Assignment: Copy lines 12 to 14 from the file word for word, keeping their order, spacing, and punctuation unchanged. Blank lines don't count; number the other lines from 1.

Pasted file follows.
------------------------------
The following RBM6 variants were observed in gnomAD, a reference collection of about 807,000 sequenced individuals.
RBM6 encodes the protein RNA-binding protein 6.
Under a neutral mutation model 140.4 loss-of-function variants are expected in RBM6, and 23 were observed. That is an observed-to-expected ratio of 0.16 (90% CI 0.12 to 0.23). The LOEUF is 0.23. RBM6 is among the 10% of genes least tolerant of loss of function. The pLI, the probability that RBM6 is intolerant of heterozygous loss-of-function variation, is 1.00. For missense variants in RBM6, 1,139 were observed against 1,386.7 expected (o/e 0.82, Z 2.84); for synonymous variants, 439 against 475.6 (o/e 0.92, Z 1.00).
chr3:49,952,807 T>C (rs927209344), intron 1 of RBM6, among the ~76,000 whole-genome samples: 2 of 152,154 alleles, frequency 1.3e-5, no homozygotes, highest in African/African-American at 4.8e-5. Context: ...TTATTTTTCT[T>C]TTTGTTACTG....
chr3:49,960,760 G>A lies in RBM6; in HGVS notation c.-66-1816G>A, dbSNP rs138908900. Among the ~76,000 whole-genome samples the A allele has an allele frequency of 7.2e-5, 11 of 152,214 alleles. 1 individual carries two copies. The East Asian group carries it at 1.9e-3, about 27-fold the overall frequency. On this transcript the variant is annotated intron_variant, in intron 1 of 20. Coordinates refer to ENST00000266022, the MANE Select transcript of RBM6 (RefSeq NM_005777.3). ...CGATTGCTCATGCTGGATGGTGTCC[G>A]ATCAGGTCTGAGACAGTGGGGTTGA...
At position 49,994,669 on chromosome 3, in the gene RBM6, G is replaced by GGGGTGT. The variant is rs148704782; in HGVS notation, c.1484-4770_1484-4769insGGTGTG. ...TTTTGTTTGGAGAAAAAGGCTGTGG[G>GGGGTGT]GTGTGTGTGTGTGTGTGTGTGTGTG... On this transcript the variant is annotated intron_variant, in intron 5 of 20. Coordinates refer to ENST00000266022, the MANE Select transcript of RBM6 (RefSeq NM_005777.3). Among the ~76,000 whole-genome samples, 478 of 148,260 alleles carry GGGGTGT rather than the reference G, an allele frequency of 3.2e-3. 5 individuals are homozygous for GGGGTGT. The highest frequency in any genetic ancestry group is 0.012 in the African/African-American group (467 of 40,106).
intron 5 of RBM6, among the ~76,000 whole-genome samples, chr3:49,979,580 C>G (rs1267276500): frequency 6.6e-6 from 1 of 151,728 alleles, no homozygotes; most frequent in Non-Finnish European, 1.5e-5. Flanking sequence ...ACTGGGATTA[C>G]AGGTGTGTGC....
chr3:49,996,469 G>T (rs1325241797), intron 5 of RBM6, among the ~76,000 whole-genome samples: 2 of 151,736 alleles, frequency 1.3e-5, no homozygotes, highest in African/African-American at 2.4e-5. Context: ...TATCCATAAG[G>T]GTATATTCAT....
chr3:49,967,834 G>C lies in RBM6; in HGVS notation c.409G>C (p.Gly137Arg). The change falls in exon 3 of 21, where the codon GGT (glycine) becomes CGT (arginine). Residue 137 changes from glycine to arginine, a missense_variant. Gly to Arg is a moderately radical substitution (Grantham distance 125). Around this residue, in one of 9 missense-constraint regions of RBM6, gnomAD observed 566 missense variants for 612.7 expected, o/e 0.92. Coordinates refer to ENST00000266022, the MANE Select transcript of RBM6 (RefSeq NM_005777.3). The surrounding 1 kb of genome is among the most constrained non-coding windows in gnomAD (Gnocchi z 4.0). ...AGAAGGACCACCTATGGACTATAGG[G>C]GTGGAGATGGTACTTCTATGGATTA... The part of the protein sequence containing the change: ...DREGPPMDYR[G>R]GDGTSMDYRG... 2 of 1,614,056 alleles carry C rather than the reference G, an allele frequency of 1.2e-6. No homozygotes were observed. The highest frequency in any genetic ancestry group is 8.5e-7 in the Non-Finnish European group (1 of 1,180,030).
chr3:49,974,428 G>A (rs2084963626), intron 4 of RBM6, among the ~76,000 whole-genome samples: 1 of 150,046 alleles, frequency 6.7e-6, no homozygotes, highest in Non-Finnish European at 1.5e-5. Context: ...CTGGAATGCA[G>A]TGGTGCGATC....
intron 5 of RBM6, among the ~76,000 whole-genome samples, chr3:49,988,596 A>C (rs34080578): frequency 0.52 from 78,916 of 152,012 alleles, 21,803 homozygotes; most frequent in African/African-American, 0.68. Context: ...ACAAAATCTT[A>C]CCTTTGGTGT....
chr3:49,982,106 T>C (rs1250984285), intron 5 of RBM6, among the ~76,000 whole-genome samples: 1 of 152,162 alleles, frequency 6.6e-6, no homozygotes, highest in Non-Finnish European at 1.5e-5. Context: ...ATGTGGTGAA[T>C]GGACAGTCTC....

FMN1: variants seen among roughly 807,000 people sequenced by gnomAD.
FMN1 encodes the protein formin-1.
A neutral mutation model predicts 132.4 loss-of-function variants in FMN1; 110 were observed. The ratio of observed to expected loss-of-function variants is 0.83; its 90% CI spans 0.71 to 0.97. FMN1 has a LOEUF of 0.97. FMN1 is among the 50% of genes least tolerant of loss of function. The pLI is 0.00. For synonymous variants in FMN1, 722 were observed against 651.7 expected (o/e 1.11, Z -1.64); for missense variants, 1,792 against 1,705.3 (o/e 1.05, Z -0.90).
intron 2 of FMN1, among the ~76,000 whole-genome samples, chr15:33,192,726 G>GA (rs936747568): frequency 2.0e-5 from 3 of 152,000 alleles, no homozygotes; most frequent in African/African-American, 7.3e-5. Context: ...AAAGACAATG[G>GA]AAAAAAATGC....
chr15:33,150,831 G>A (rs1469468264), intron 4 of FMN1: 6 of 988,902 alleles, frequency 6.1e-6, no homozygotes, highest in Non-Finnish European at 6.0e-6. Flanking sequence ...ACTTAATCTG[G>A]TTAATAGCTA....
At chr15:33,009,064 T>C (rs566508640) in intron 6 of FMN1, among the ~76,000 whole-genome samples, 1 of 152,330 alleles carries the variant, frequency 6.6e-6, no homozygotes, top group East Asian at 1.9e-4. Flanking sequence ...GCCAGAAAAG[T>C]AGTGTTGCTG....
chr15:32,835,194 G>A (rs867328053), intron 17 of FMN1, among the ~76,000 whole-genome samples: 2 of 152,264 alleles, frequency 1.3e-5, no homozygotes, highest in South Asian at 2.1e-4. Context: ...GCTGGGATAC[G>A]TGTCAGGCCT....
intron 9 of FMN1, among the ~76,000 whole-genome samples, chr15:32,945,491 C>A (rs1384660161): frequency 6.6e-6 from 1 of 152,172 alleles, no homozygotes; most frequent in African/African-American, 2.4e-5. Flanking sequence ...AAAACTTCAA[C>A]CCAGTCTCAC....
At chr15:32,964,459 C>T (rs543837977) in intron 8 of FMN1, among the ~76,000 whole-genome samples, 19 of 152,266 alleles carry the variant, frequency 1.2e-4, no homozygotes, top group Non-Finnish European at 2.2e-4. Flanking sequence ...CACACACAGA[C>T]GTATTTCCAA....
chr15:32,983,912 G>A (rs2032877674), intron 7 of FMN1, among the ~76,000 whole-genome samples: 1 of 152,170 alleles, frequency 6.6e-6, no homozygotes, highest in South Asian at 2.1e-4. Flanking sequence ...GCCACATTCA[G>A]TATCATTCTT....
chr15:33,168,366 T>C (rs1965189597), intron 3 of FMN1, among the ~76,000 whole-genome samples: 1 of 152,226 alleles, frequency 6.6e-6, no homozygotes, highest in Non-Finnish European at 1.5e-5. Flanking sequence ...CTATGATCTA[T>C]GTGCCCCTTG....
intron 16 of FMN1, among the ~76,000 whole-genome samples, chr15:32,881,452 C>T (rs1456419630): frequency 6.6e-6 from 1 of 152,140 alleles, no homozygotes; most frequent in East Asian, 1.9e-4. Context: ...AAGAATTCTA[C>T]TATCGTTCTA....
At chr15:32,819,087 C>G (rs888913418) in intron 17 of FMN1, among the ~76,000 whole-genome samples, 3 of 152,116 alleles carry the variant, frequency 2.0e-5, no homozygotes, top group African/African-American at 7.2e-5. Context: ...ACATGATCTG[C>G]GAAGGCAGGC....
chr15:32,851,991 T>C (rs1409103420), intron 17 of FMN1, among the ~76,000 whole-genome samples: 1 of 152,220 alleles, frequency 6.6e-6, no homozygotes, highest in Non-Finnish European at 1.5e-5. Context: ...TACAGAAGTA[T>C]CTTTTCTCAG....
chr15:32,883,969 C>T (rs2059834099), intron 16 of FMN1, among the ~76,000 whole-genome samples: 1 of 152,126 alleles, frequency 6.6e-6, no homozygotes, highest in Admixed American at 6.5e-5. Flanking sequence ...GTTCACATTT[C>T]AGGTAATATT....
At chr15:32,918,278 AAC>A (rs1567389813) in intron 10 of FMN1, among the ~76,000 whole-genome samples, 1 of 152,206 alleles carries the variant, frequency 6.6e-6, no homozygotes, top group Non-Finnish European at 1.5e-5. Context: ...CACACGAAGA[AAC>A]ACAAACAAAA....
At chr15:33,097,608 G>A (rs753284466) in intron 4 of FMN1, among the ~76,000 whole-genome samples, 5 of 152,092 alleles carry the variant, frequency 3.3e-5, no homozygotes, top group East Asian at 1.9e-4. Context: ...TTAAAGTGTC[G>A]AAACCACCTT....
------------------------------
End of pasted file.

chr3:49,982,106 T>C (rs1250984285), intron 5 of RBM6, among the ~76,000 whole-genome samples: 1 of 152,162 alleles, frequency 6.6e-6, no homozygotes, highest in Non-Finnish European at 1.5e-5. Context: ...ATGTGGTGAA[T>C]GGACAGTCTC....

FMN1: variants seen among roughly 807,000 people sequenced by gnomAD.
FMN1 encodes the protein formin-1.